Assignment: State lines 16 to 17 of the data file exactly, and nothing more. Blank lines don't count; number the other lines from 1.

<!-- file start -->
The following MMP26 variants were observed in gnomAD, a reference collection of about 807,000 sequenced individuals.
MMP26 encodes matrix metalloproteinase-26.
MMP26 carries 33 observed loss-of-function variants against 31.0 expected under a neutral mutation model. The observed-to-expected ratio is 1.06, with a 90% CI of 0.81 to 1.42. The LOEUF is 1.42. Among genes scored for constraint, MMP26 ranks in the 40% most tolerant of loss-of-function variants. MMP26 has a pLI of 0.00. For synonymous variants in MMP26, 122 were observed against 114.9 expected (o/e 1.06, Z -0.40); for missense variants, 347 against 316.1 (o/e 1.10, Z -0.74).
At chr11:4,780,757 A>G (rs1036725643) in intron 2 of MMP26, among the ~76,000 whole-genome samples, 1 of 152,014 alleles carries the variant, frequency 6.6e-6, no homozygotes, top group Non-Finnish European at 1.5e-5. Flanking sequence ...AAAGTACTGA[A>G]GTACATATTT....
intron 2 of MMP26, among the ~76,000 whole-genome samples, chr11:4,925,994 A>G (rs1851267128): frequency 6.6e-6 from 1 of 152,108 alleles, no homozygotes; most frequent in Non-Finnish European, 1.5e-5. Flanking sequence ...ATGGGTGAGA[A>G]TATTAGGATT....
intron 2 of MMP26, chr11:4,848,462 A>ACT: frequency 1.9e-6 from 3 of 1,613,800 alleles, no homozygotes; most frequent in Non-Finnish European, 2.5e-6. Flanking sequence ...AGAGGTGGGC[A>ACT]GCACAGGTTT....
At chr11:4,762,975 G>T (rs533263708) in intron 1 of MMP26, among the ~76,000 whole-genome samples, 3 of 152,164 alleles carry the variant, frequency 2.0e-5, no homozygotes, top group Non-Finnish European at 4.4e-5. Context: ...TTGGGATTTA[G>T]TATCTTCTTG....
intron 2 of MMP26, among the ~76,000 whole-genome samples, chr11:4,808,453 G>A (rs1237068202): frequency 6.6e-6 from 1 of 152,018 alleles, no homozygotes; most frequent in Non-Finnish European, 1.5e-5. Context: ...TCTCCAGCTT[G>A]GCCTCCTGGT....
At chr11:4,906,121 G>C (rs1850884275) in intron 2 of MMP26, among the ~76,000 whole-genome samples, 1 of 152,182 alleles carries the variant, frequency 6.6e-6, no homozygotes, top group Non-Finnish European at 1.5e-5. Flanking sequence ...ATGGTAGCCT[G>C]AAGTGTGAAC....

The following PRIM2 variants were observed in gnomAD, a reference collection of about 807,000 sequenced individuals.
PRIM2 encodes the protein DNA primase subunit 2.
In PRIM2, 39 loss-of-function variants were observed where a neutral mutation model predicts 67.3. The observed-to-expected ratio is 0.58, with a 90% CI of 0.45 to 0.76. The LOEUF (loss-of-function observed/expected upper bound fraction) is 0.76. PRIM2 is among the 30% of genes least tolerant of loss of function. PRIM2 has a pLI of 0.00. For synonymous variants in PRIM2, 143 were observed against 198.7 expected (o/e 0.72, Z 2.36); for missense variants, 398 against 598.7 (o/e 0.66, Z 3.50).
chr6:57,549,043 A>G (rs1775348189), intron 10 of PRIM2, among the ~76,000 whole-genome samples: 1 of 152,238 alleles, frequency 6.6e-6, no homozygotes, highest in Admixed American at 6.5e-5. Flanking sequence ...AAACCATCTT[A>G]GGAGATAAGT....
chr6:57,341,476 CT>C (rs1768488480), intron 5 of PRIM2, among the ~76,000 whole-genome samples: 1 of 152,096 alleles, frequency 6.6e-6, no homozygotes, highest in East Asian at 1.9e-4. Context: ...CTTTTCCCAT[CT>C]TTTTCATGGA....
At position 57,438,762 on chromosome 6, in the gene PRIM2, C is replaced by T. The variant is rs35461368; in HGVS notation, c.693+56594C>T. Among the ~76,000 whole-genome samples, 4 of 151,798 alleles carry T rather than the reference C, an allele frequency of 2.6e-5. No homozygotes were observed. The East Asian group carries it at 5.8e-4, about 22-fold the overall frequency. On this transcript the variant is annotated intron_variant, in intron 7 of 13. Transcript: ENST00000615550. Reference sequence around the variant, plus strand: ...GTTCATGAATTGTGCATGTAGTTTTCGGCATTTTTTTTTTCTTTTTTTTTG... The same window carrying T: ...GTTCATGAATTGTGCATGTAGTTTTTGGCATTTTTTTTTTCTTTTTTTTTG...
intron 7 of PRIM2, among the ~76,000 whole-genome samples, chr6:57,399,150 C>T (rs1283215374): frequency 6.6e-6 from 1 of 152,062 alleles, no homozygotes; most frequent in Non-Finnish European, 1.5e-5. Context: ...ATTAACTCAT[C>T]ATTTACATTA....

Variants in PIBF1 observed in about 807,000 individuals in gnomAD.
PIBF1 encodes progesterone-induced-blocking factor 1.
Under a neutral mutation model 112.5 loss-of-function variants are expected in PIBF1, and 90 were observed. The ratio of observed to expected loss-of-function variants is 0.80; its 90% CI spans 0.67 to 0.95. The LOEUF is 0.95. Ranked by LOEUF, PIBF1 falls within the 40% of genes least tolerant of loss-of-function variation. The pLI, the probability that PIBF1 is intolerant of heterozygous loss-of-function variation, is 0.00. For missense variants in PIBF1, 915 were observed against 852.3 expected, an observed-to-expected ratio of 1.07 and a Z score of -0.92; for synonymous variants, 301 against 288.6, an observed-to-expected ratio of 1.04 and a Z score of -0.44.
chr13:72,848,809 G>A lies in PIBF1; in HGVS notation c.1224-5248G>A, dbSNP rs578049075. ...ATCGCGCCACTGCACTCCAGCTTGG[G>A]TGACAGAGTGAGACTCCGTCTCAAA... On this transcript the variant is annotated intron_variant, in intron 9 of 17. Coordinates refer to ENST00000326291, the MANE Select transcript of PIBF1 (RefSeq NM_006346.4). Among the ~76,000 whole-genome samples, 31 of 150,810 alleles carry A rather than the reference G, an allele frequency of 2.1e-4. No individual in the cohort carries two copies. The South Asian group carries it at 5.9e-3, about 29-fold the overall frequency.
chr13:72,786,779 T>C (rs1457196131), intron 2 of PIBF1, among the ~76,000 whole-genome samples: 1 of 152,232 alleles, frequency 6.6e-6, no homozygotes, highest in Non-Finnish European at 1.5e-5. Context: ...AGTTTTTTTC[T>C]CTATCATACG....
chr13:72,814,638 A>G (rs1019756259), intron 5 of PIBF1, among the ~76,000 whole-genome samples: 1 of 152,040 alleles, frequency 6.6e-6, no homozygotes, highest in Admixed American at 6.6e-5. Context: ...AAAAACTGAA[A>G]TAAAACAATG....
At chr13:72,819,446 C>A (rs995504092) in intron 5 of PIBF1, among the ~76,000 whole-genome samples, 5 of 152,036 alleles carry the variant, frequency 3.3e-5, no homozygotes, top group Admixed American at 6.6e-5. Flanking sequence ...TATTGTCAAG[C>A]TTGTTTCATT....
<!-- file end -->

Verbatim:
intron 7 of PRIM2, among the ~76,000 whole-genome samples, chr6:57,399,150 C>T (rs1283215374): frequency 6.6e-6 from 1 of 152,062 alleles, no homozygotes; most frequent in Non-Finnish European, 1.5e-5. Context: ...ATTAACTCAT[C>T]ATTTACATTA....

Variants in PIBF1 observed in about 807,000 individuals in gnomAD.